asus-ereader Our sister blog Gadgetell reports on a Digitimes story that Asus is planning to release an 8” 64-greyscale e-paper reader at “under $599”. (E-Reader Info and Engadget also have coverage.)

When I saw this story, I had to glance at my new wristwatch, which helpfully provides a display for the year as well as month and day, to make sure that I hadn’t accidentally slipped one or two years back in time. (The watch synchronizes by radio with the atomic clock in Fort Collins, Colorado, so I can know for certain that it’s still 2010—the atoms say so!) It’s been at least that long since anyone seriously tried to list an e-reader of that size at that price range.

The 9.7” Kindle DX is $379. The 9.7” color iPad starts at $499. That kind of overpricing is what has presumably killed the Plastic Logic Que, which was supposed to cost $649 for a slightly larger e-paper screen. Meanwhile, the Kindle, Nook, Kobo, and Sony are priced between $100 and $300 depending on model, and mostly between $100 and $200, for 5” or 6” screens. And as the Digitimes story points out, Asus doesn’t have any content distribution deals in place the way Amazon, Barnes & Noble, Border, and Apple have.

Of course, the article only said that the e-reader would be “under $599”. It didn’t say how far “under” it would be. In most commercial cases, “under $599” generally means “exactly $598.99”, but it doesn’t necessarily have to. After all, you could also truthfully say that the iPad costs “under $19,999”, because it certainly does (unless, of course, it’s this one).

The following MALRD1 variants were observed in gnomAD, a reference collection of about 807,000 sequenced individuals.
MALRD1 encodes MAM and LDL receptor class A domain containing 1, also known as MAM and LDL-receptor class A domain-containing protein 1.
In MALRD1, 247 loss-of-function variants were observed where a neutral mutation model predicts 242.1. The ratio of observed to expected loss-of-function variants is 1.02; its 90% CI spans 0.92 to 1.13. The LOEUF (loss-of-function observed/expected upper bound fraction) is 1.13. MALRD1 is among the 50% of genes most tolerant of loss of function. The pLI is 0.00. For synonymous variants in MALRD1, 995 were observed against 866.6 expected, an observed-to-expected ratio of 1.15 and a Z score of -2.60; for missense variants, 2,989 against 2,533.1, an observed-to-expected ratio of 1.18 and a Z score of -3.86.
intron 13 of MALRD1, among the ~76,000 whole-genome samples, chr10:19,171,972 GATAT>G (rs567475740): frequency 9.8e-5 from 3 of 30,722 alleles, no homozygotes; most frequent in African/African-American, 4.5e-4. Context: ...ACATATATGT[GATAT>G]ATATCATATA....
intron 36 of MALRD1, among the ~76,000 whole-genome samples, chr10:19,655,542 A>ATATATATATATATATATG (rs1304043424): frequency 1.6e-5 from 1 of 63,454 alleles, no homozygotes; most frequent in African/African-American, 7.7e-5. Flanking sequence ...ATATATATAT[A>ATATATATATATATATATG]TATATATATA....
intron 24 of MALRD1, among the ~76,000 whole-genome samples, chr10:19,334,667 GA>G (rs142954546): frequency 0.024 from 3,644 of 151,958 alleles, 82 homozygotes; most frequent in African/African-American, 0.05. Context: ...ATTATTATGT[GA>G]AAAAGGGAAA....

Is Asus trying to pull a “Scotty,” perhaps? (“Aye, captain, I said it would cost $599, but I tried really hard and managed to bring it in for $249.” “You’re a miracle-worker, Scotty.”) Or do like Apple did by “leaking” an $800-$1000 price range for the iPad and then bringing it in at $499 to $829?

If so, they’re being a little clumsy about it. If you’re going to set the expectation with a high price, you should at least make it a realistic one. For $599, I could get two fully-loaded, relatively recent Asus Eee netbooks, which might not be quite as good at e-reading as a dedicated e-ink reader but would certainly do a lot of other things better.

On the other hand, the article does mention they’re looking at offering “bundle sales” through mobile telecom carriers. Perhaps they’re thinking of offering it at a reduced price with a contract? The iPhone does cost $799 without a contract, after all. Even so, it’s hard to imagine any consumer wanting to tie himself to a contract for an unknown e-book reader when he could get a more popular one with no contract (and indeed free 3G connectivity) for the same amount.


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